New Horizons survives Pluto flyby

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  • Published: Jul 15, 2015
  • Author: Steve Down
  • Channels: Infrared Spectroscopy / UV/Vis Spectroscopy
thumbnail image: New Horizons survives Pluto flyby

After zipping past Pluto at 14 km per second, the New Horizons spacecraft has phoned home, making contact with NASA to confirm that it survived the flypast in tact. The spacecraft was switched off during the manoeuvre and the new signal, which took 4 hours and 25 minutes to reach Earth, released the tension in the control centre.

During its approach and flypast, New Horizons was surveying the dwarf planet with its array of onboard instruments. They include Ralph, a visible and infrared imager and spectrometer that provides colour, composition and thermal maps, and Alice, an ultraviolet imaging spectrometer for analysing the composition and structure of the atmosphere.

The first data sent back to Earth will be close-up high-resolution images of Pluto’s surface followed by more spectral information. But such is the amount of data and the slow transfer rate that it could take as long as 16 months for it all to be transmitted.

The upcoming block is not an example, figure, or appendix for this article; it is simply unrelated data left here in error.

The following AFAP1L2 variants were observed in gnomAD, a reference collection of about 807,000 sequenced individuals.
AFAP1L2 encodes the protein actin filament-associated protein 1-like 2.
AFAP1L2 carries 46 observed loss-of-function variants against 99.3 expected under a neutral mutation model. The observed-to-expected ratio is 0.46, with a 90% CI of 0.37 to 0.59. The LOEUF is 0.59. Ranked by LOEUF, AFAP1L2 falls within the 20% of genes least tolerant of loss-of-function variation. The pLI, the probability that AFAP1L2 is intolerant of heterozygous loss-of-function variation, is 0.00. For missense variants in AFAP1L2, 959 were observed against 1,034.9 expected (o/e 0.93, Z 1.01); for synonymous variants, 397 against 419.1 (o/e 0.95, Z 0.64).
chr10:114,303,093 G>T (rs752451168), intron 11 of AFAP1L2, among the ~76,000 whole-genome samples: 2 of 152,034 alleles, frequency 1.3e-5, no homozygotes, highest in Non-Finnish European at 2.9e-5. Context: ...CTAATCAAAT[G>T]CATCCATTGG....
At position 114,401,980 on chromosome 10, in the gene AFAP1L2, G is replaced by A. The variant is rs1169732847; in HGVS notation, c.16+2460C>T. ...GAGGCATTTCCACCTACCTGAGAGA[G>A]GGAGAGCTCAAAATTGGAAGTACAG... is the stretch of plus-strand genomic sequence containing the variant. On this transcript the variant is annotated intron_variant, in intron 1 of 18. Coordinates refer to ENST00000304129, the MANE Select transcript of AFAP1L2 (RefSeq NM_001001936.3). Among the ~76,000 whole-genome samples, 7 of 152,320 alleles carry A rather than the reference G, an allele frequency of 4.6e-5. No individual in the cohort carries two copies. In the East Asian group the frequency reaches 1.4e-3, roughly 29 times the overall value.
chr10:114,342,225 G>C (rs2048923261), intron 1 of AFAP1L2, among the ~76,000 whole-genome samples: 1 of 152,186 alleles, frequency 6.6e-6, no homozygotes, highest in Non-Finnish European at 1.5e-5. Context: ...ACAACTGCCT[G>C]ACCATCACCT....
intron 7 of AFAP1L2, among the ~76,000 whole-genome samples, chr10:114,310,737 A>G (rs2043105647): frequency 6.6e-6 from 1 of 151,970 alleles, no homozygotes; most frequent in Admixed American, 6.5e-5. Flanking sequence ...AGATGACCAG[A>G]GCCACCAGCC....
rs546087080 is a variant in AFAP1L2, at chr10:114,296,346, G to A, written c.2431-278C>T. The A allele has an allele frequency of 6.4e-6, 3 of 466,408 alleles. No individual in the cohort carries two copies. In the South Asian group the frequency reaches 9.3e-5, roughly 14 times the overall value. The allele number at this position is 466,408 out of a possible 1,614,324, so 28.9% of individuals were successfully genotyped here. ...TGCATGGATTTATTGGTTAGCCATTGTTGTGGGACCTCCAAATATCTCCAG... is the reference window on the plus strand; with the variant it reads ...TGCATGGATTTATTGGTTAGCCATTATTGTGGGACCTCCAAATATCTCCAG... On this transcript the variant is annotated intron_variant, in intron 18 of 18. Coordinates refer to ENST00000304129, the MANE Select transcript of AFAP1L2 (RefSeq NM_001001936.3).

"The best is yet to come," said NASA spokesman John Grunsfeld. "You haven’t seen anything yet. There are many more months of data to be sent back. This is like the Curiosity landing. This is just the beginning for fundamental discoveries. It’s a tremendous moment in human history."

This mission completes the full house with every planet (and dwarf planet) in the solar system now visited from Earth. Now, the spacecraft will perform some agile manoeuvres to target the five moons of Pluto (Charon, Hydra, Nix, Styx and Kerberos) before traversing the Kuiper Belt, a disc-shaped region of icy objects, gathering data all the while.

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